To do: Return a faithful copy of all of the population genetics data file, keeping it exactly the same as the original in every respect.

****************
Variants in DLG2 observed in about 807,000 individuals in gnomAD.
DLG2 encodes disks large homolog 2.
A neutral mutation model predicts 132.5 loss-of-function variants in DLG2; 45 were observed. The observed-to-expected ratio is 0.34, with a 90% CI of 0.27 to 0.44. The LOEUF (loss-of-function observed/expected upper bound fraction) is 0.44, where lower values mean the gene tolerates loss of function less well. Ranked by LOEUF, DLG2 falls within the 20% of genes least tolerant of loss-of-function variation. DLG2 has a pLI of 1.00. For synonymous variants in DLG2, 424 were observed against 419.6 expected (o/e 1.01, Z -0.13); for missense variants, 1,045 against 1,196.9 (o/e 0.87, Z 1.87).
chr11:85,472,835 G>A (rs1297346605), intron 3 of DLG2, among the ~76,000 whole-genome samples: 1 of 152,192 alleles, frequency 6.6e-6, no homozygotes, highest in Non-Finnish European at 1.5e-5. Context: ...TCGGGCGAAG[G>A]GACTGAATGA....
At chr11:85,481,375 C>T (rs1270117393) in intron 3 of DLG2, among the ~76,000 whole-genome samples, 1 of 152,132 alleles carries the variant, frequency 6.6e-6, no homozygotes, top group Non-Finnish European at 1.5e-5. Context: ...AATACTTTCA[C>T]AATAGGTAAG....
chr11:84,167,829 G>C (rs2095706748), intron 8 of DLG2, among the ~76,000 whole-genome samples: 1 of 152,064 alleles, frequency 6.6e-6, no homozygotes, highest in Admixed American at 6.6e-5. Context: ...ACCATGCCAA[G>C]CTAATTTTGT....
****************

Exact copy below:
Variants in DLG2 observed in about 807,000 individuals in gnomAD.
DLG2 encodes disks large homolog 2.
A neutral mutation model predicts 132.5 loss-of-function variants in DLG2; 45 were observed. The observed-to-expected ratio is 0.34, with a 90% CI of 0.27 to 0.44. The LOEUF (loss-of-function observed/expected upper bound fraction) is 0.44, where lower values mean the gene tolerates loss of function less well. Ranked by LOEUF, DLG2 falls within the 20% of genes least tolerant of loss-of-function variation. DLG2 has a pLI of 1.00. For synonymous variants in DLG2, 424 were observed against 419.6 expected (o/e 1.01, Z -0.13); for missense variants, 1,045 against 1,196.9 (o/e 0.87, Z 1.87).
chr11:85,472,835 G>A (rs1297346605), intron 3 of DLG2, among the ~76,000 whole-genome samples: 1 of 152,192 alleles, frequency 6.6e-6, no homozygotes, highest in Non-Finnish European at 1.5e-5. Context: ...TCGGGCGAAG[G>A]GACTGAATGA....
At chr11:85,481,375 C>T (rs1270117393) in intron 3 of DLG2, among the ~76,000 whole-genome samples, 1 of 152,132 alleles carries the variant, frequency 6.6e-6, no homozygotes, top group Non-Finnish European at 1.5e-5. Context: ...AATACTTTCA[C>T]AATAGGTAAG....
chr11:84,167,829 G>C (rs2095706748), intron 8 of DLG2, among the ~76,000 whole-genome samples: 1 of 152,064 alleles, frequency 6.6e-6, no homozygotes, highest in Admixed American at 6.6e-5. Context: ...ACCATGCCAA[G>C]CTAATTTTGT....